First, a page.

Now the Neverendum is over, the right choice made (in my opinion) I can put my focus and my writing energies elsewhere.
One event I didn’t get round to describing was a community project called ‘Coming Home.’ It was initiated by people from the new University of the Highlands and Islands which has, because of the terrain it serves, a ridiculous number of campuses across the most northern parts of Scotland. As far as I could gather this project was part of the ‘Music in the Community’ course, but I could be wrong about that. Certainly there was plenty of music involved. The writing group, and other local groups, were invited to join in the creation of a multi-media piece to arise out of the work and inspirational input from the members of these groups. All very vague, and it didn’t immediately find takers. The people who did roll along to the early meetings reported back that they were putting together a .... er ... um... thingy. Eventually, after a bit of persuasion, I went along to see what it was all about.
They had already put in the ground-work with brain-storming sessions. They’d chosen a beautiful poem written by one of our group to open with, a violinist had composed music to follow it, and our script-writer had scripted some dialogue. Happily I had a poem I wrote ages ago called ‘Small Town’ which is a pastiche of a day in the life of the High Street (above which I lived for long enough to feel I was justified in calling myself a part of it.) ‘Quite Early One Morning ’ it isn’t but it did help pull the disparate pieces together and I was very proud to be able to read it in two parts, day and night, for the performances. (First time I have ever had a mike in front of me.) With the help of musical twiddly bits between pieces everyone’s work eventually slotted in seamlessly. We performed it twice with a visual background of film of nearbye beaches, dance, and a comedy sketch set in the weekly Coffee Morning which has become something of an institution in the Town Hall. The same folk turn up, week after week regardless of the cause that is raising money by selling them low-priced coffee and cake and setting up stalls of bric-a-bra home bakes, books, etc. Men and women alike settle in for a good moan and a blether.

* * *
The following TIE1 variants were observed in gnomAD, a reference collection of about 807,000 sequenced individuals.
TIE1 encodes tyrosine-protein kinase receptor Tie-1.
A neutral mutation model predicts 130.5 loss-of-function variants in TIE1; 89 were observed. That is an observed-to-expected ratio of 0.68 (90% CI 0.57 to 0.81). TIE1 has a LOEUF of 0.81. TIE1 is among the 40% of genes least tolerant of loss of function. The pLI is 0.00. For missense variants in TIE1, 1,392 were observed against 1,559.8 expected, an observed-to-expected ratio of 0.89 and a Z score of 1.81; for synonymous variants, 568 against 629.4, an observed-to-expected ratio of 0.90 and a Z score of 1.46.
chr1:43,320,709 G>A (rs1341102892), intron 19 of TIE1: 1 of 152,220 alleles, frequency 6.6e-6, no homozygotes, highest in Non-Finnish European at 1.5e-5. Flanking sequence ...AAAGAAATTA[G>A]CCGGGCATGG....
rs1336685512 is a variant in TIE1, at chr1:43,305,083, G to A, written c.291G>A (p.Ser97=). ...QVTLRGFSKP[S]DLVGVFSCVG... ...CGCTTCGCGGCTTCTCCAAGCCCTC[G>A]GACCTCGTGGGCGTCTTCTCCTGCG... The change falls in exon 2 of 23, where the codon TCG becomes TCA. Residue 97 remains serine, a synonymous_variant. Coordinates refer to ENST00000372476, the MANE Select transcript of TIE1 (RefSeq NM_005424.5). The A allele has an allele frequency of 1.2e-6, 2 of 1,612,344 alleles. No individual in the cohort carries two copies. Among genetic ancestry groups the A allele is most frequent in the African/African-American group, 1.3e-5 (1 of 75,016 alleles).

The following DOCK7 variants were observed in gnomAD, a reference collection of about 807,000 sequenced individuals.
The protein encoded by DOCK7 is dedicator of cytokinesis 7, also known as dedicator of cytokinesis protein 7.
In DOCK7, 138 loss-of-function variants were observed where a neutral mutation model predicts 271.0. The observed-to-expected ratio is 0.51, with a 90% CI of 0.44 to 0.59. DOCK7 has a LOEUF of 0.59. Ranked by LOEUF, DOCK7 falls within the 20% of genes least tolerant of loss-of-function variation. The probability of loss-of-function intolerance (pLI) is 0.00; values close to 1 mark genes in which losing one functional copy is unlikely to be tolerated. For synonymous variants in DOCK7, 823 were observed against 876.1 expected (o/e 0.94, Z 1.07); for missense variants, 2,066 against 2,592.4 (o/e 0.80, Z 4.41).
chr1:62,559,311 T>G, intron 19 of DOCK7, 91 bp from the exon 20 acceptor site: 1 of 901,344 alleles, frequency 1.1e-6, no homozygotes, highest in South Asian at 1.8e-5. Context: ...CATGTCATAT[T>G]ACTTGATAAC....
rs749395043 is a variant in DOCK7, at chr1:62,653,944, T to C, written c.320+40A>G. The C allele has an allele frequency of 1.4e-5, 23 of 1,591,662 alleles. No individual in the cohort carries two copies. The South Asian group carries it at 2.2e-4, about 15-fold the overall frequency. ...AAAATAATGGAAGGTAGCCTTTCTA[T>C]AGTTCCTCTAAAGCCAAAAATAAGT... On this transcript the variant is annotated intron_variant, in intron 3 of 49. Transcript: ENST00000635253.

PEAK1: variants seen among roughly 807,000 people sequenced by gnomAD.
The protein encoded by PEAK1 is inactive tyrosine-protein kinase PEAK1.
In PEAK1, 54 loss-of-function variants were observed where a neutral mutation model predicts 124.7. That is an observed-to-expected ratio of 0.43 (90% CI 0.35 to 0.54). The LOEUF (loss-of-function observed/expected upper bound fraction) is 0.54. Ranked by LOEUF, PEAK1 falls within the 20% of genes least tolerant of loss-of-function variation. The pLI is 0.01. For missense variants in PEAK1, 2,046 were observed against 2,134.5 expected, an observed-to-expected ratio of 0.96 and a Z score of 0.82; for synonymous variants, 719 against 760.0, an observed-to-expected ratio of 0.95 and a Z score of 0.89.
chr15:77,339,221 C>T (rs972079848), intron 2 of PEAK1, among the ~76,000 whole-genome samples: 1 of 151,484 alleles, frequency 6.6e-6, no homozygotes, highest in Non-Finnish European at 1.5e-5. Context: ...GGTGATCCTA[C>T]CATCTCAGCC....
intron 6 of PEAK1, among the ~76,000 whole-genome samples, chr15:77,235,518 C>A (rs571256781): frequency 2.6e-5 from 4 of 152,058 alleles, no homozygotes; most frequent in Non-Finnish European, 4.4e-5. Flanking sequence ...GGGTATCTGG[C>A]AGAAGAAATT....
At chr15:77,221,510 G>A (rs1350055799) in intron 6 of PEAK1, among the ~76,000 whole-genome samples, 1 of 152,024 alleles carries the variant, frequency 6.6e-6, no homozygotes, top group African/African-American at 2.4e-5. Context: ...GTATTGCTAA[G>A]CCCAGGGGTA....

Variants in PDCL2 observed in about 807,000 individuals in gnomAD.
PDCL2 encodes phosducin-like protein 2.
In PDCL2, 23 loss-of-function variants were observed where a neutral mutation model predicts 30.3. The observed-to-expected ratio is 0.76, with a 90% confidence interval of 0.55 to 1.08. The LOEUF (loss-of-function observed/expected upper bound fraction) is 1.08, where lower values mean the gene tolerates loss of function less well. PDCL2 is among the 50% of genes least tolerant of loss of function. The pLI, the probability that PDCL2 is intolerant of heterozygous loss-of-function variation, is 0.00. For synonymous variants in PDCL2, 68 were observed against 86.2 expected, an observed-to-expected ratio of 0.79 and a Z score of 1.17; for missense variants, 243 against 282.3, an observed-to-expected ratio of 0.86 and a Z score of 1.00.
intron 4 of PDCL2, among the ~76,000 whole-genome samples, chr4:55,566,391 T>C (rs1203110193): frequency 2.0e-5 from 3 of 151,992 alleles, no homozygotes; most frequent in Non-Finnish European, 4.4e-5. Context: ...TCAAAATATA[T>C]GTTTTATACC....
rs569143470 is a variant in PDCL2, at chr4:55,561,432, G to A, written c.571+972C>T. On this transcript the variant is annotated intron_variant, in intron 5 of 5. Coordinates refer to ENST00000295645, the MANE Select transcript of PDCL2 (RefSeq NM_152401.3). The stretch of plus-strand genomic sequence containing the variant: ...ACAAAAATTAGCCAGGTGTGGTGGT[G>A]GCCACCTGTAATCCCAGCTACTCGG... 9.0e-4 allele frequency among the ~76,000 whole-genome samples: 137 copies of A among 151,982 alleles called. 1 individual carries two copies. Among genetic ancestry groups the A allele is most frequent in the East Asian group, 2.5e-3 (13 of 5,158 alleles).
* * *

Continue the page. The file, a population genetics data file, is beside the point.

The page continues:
Most importantly, there was lots of music. The piece opened, was punctuated by and ended with live music from fiddles, guitar and keyboard.
We did it twice, once in the Tolbooth under the severe, glowering, portraits of town worthies in the Civic Chamber (perhaps not what it’s called but justice was once meted out there and sentences passed. Now the Town Council meets to wrangle over the use of Common Good land and so forth.)
Two days later we took it to Inverness, Eden Court where we performed in the Bishop’s Palace. An alarming number of men in suits were amongst the audience. Not so many suits worn in this part of the world so they are noticeable. The men inside the suits turned out to be the President and notables from the university, and an official from the whisky company who sponsored the project. It went well, was well received and by the end of that run-through I was feeling quite teary.
At both events there was a reception with wine afterwards, so for two weeks I downed rather a lot of chilled white. Good quality too. We had the whisky company to thank for that. Very nice.